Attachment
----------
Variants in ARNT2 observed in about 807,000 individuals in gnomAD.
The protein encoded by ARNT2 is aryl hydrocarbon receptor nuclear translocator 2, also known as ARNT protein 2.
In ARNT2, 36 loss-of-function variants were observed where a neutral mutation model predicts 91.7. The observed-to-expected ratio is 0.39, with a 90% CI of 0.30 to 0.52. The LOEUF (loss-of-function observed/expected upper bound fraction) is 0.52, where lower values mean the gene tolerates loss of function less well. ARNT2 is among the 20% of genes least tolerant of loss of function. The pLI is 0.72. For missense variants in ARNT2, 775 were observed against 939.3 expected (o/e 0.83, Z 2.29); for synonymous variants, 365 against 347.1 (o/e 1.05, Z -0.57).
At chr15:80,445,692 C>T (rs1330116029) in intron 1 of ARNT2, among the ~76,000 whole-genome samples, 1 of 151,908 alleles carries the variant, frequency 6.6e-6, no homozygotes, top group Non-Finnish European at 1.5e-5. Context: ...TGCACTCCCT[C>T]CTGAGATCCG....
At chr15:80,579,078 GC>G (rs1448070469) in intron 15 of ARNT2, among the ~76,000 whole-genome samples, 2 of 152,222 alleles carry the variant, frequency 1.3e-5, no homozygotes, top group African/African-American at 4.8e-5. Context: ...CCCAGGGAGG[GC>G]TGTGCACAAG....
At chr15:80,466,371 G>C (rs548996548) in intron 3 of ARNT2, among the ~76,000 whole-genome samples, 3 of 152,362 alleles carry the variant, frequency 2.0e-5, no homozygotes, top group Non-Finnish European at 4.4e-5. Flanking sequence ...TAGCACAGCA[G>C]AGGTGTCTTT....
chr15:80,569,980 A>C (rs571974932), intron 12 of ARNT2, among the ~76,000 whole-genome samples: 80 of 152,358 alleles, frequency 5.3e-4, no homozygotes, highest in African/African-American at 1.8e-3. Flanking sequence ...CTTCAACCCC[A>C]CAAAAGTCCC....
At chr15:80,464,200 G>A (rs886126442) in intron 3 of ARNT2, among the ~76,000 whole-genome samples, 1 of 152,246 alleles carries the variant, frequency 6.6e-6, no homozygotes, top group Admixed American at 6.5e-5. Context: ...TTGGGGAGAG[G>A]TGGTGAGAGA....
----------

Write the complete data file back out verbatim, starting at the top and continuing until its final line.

Variants in ARNT2 observed in about 807,000 individuals in gnomAD.
The protein encoded by ARNT2 is aryl hydrocarbon receptor nuclear translocator 2, also known as ARNT protein 2.
In ARNT2, 36 loss-of-function variants were observed where a neutral mutation model predicts 91.7. The observed-to-expected ratio is 0.39, with a 90% CI of 0.30 to 0.52. The LOEUF (loss-of-function observed/expected upper bound fraction) is 0.52, where lower values mean the gene tolerates loss of function less well. ARNT2 is among the 20% of genes least tolerant of loss of function. The pLI is 0.72. For missense variants in ARNT2, 775 were observed against 939.3 expected (o/e 0.83, Z 2.29); for synonymous variants, 365 against 347.1 (o/e 1.05, Z -0.57).
At chr15:80,445,692 C>T (rs1330116029) in intron 1 of ARNT2, among the ~76,000 whole-genome samples, 1 of 151,908 alleles carries the variant, frequency 6.6e-6, no homozygotes, top group Non-Finnish European at 1.5e-5. Context: ...TGCACTCCCT[C>T]CTGAGATCCG....
At chr15:80,579,078 GC>G (rs1448070469) in intron 15 of ARNT2, among the ~76,000 whole-genome samples, 2 of 152,222 alleles carry the variant, frequency 1.3e-5, no homozygotes, top group African/African-American at 4.8e-5. Context: ...CCCAGGGAGG[GC>G]TGTGCACAAG....
At chr15:80,466,371 G>C (rs548996548) in intron 3 of ARNT2, among the ~76,000 whole-genome samples, 3 of 152,362 alleles carry the variant, frequency 2.0e-5, no homozygotes, top group Non-Finnish European at 4.4e-5. Flanking sequence ...TAGCACAGCA[G>C]AGGTGTCTTT....
chr15:80,569,980 A>C (rs571974932), intron 12 of ARNT2, among the ~76,000 whole-genome samples: 80 of 152,358 alleles, frequency 5.3e-4, no homozygotes, highest in African/African-American at 1.8e-3. Flanking sequence ...CTTCAACCCC[A>C]CAAAAGTCCC....
At chr15:80,464,200 G>A (rs886126442) in intron 3 of ARNT2, among the ~76,000 whole-genome samples, 1 of 152,246 alleles carries the variant, frequency 6.6e-6, no homozygotes, top group Admixed American at 6.5e-5. Context: ...TTGGGGAGAG[G>A]TGGTGAGAGA....